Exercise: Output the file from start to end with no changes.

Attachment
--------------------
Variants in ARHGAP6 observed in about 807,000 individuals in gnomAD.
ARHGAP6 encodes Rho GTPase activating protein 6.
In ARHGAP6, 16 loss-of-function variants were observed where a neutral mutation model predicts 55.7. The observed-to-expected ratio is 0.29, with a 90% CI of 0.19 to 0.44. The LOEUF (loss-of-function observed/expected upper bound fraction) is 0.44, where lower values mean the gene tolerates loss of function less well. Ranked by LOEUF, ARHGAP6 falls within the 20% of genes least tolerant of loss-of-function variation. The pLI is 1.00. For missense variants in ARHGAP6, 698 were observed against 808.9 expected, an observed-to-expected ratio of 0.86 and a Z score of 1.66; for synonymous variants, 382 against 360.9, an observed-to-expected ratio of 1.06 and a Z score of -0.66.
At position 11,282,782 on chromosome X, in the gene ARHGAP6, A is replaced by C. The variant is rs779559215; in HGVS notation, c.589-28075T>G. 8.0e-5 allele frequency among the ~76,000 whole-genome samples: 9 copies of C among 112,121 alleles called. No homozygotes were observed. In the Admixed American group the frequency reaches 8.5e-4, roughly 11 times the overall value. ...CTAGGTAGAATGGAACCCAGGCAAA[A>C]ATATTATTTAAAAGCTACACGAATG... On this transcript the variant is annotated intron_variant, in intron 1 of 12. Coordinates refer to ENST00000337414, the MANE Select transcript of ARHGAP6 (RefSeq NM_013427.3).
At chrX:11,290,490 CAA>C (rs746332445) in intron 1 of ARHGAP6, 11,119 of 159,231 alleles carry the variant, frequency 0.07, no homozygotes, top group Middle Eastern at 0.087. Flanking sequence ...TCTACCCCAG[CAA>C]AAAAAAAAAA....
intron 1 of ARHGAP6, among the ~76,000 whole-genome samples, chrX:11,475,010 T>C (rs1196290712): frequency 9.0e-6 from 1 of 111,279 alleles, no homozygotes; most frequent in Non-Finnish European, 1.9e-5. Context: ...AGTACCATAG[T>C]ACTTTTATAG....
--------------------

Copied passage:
Variants in ARHGAP6 observed in about 807,000 individuals in gnomAD.
ARHGAP6 encodes Rho GTPase activating protein 6.
In ARHGAP6, 16 loss-of-function variants were observed where a neutral mutation model predicts 55.7. The observed-to-expected ratio is 0.29, with a 90% CI of 0.19 to 0.44. The LOEUF (loss-of-function observed/expected upper bound fraction) is 0.44, where lower values mean the gene tolerates loss of function less well. Ranked by LOEUF, ARHGAP6 falls within the 20% of genes least tolerant of loss-of-function variation. The pLI is 1.00. For missense variants in ARHGAP6, 698 were observed against 808.9 expected, an observed-to-expected ratio of 0.86 and a Z score of 1.66; for synonymous variants, 382 against 360.9, an observed-to-expected ratio of 1.06 and a Z score of -0.66.
At position 11,282,782 on chromosome X, in the gene ARHGAP6, A is replaced by C. The variant is rs779559215; in HGVS notation, c.589-28075T>G. 8.0e-5 allele frequency among the ~76,000 whole-genome samples: 9 copies of C among 112,121 alleles called. No homozygotes were observed. In the Admixed American group the frequency reaches 8.5e-4, roughly 11 times the overall value. ...CTAGGTAGAATGGAACCCAGGCAAA[A>C]ATATTATTTAAAAGCTACACGAATG... On this transcript the variant is annotated intron_variant, in intron 1 of 12. Coordinates refer to ENST00000337414, the MANE Select transcript of ARHGAP6 (RefSeq NM_013427.3).
At chrX:11,290,490 CAA>C (rs746332445) in intron 1 of ARHGAP6, 11,119 of 159,231 alleles carry the variant, frequency 0.07, no homozygotes, top group Middle Eastern at 0.087. Flanking sequence ...TCTACCCCAG[CAA>C]AAAAAAAAAA....
intron 1 of ARHGAP6, among the ~76,000 whole-genome samples, chrX:11,475,010 T>C (rs1196290712): frequency 9.0e-6 from 1 of 111,279 alleles, no homozygotes; most frequent in Non-Finnish European, 1.9e-5. Context: ...AGTACCATAG[T>C]ACTTTTATAG....